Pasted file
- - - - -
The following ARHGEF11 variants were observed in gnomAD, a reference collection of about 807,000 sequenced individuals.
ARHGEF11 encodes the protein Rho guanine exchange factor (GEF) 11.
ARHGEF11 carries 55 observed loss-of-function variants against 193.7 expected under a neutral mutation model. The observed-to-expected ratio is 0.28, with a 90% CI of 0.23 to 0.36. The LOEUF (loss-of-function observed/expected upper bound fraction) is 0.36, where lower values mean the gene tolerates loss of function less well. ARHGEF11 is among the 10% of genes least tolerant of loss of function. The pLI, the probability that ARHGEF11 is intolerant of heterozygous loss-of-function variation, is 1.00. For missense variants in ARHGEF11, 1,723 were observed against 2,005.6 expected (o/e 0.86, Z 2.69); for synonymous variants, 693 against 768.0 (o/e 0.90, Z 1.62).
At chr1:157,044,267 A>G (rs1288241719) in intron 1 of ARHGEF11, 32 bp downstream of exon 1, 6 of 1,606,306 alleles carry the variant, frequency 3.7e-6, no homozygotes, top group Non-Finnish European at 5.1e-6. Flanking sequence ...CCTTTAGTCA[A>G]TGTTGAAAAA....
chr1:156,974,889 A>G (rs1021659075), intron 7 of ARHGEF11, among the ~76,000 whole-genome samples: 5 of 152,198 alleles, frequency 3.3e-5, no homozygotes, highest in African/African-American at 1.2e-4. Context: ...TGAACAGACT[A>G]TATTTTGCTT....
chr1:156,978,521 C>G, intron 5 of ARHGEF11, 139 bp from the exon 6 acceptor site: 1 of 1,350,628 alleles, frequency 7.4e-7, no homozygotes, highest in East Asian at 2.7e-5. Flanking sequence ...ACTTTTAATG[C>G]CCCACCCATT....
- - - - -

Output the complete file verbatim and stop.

The following ARHGEF11 variants were observed in gnomAD, a reference collection of about 807,000 sequenced individuals.
ARHGEF11 encodes the protein Rho guanine exchange factor (GEF) 11.
ARHGEF11 carries 55 observed loss-of-function variants against 193.7 expected under a neutral mutation model. The observed-to-expected ratio is 0.28, with a 90% CI of 0.23 to 0.36. The LOEUF (loss-of-function observed/expected upper bound fraction) is 0.36, where lower values mean the gene tolerates loss of function less well. ARHGEF11 is among the 10% of genes least tolerant of loss of function. The pLI, the probability that ARHGEF11 is intolerant of heterozygous loss-of-function variation, is 1.00. For missense variants in ARHGEF11, 1,723 were observed against 2,005.6 expected (o/e 0.86, Z 2.69); for synonymous variants, 693 against 768.0 (o/e 0.90, Z 1.62).
At chr1:157,044,267 A>G (rs1288241719) in intron 1 of ARHGEF11, 32 bp downstream of exon 1, 6 of 1,606,306 alleles carry the variant, frequency 3.7e-6, no homozygotes, top group Non-Finnish European at 5.1e-6. Flanking sequence ...CCTTTAGTCA[A>G]TGTTGAAAAA....
chr1:156,974,889 A>G (rs1021659075), intron 7 of ARHGEF11, among the ~76,000 whole-genome samples: 5 of 152,198 alleles, frequency 3.3e-5, no homozygotes, highest in African/African-American at 1.2e-4. Context: ...TGAACAGACT[A>G]TATTTTGCTT....
chr1:156,978,521 C>G, intron 5 of ARHGEF11, 139 bp from the exon 6 acceptor site: 1 of 1,350,628 alleles, frequency 7.4e-7, no homozygotes, highest in East Asian at 2.7e-5. Flanking sequence ...ACTTTTAATG[C>G]CCCACCCATT....